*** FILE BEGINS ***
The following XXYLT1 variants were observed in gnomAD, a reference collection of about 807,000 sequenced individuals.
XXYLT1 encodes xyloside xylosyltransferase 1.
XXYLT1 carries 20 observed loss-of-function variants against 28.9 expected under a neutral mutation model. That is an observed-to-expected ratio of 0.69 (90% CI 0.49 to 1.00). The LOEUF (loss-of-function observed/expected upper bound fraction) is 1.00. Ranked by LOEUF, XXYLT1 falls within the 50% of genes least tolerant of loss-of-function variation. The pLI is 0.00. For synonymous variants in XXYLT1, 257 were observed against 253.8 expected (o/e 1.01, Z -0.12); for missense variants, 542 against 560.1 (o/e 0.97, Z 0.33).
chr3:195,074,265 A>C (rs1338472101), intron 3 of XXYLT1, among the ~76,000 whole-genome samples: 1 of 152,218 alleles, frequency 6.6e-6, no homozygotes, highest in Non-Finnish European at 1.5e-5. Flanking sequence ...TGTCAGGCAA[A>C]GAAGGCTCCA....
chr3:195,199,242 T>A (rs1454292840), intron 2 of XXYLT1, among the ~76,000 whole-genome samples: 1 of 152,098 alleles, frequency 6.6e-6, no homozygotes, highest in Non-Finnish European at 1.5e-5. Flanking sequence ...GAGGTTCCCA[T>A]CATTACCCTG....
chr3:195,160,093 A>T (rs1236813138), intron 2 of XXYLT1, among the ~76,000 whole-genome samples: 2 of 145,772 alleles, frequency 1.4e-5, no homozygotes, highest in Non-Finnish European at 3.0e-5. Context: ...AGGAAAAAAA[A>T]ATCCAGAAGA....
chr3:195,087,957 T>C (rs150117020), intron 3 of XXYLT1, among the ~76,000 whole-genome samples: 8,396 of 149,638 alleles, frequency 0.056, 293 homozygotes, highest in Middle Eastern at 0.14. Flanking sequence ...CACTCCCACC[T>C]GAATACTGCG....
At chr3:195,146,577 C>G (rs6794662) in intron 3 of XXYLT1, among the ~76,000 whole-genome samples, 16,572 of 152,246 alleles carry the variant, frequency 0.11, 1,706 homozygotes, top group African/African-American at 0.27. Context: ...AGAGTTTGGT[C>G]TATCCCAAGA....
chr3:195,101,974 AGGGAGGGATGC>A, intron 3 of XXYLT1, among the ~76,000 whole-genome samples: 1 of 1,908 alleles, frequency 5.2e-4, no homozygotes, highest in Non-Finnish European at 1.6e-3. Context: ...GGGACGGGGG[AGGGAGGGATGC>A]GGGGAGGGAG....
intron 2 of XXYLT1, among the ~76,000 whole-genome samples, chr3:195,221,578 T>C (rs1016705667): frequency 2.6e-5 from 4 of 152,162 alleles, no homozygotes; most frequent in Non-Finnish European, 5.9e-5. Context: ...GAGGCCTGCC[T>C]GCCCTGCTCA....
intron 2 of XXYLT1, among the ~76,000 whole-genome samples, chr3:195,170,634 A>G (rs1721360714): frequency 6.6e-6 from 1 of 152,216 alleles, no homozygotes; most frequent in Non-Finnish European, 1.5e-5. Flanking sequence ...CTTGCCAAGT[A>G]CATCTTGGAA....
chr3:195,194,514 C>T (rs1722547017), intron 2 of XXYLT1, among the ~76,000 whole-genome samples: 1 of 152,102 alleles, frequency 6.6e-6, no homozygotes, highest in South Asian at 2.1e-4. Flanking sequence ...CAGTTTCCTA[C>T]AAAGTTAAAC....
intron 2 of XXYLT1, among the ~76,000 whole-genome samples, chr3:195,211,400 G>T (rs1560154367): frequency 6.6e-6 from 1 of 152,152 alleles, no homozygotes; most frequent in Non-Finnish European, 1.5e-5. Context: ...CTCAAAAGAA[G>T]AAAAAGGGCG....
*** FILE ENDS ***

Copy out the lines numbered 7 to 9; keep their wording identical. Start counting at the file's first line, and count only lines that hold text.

chr3:195,087,957 T>C (rs150117020), intron 3 of XXYLT1, among the ~76,000 whole-genome samples: 8,396 of 149,638 alleles, frequency 0.056, 293 homozygotes, highest in Middle Eastern at 0.14. Flanking sequence ...CACTCCCACC[T>C]GAATACTGCG....
At chr3:195,146,577 C>G (rs6794662) in intron 3 of XXYLT1, among the ~76,000 whole-genome samples, 16,572 of 152,246 alleles carry the variant, frequency 0.11, 1,706 homozygotes, top group African/African-American at 0.27. Context: ...AGAGTTTGGT[C>G]TATCCCAAGA....
chr3:195,101,974 AGGGAGGGATGC>A, intron 3 of XXYLT1, among the ~76,000 whole-genome samples: 1 of 1,908 alleles, frequency 5.2e-4, no homozygotes, highest in Non-Finnish European at 1.6e-3. Context: ...GGGACGGGGG[AGGGAGGGATGC>A]GGGGAGGGAG....